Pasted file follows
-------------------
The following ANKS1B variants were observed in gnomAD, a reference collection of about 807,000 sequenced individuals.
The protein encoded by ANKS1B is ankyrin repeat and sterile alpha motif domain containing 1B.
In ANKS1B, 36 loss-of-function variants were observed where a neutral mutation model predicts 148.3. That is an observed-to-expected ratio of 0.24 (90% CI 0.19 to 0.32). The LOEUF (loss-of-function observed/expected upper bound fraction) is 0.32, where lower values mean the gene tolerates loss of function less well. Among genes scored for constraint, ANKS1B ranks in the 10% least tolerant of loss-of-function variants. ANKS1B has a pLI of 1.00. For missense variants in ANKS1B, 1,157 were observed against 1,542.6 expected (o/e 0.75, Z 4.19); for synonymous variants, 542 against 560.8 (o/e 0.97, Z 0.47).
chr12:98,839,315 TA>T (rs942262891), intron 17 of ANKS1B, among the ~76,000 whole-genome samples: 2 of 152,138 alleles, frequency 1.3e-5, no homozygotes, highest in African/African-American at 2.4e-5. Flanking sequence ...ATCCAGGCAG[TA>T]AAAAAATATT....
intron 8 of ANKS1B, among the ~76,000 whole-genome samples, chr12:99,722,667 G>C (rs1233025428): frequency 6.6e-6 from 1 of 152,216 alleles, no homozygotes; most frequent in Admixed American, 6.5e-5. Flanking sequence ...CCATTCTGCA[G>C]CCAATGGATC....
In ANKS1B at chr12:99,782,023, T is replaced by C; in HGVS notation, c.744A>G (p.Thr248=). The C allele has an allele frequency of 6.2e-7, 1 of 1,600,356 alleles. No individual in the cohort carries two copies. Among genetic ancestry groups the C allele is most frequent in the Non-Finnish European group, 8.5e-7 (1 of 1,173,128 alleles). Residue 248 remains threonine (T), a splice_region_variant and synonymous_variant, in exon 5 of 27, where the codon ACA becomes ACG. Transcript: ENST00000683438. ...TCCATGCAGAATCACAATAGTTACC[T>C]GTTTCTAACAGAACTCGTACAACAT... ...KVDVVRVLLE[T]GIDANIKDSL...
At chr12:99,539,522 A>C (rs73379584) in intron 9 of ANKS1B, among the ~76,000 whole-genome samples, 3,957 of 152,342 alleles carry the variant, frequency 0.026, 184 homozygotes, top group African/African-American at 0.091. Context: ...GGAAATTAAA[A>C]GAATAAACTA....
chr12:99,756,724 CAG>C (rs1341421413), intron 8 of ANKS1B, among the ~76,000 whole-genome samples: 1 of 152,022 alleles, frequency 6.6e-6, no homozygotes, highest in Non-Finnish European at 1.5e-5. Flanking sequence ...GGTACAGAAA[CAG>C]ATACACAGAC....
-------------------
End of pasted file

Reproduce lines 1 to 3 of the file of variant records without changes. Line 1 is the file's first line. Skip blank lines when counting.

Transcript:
The following ANKS1B variants were observed in gnomAD, a reference collection of about 807,000 sequenced individuals.
The protein encoded by ANKS1B is ankyrin repeat and sterile alpha motif domain containing 1B.
In ANKS1B, 36 loss-of-function variants were observed where a neutral mutation model predicts 148.3. That is an observed-to-expected ratio of 0.24 (90% CI 0.19 to 0.32). The LOEUF (loss-of-function observed/expected upper bound fraction) is 0.32, where lower values mean the gene tolerates loss of function less well. Among genes scored for constraint, ANKS1B ranks in the 10% least tolerant of loss-of-function variants. ANKS1B has a pLI of 1.00. For missense variants in ANKS1B, 1,157 were observed against 1,542.6 expected (o/e 0.75, Z 4.19); for synonymous variants, 542 against 560.8 (o/e 0.97, Z 0.47).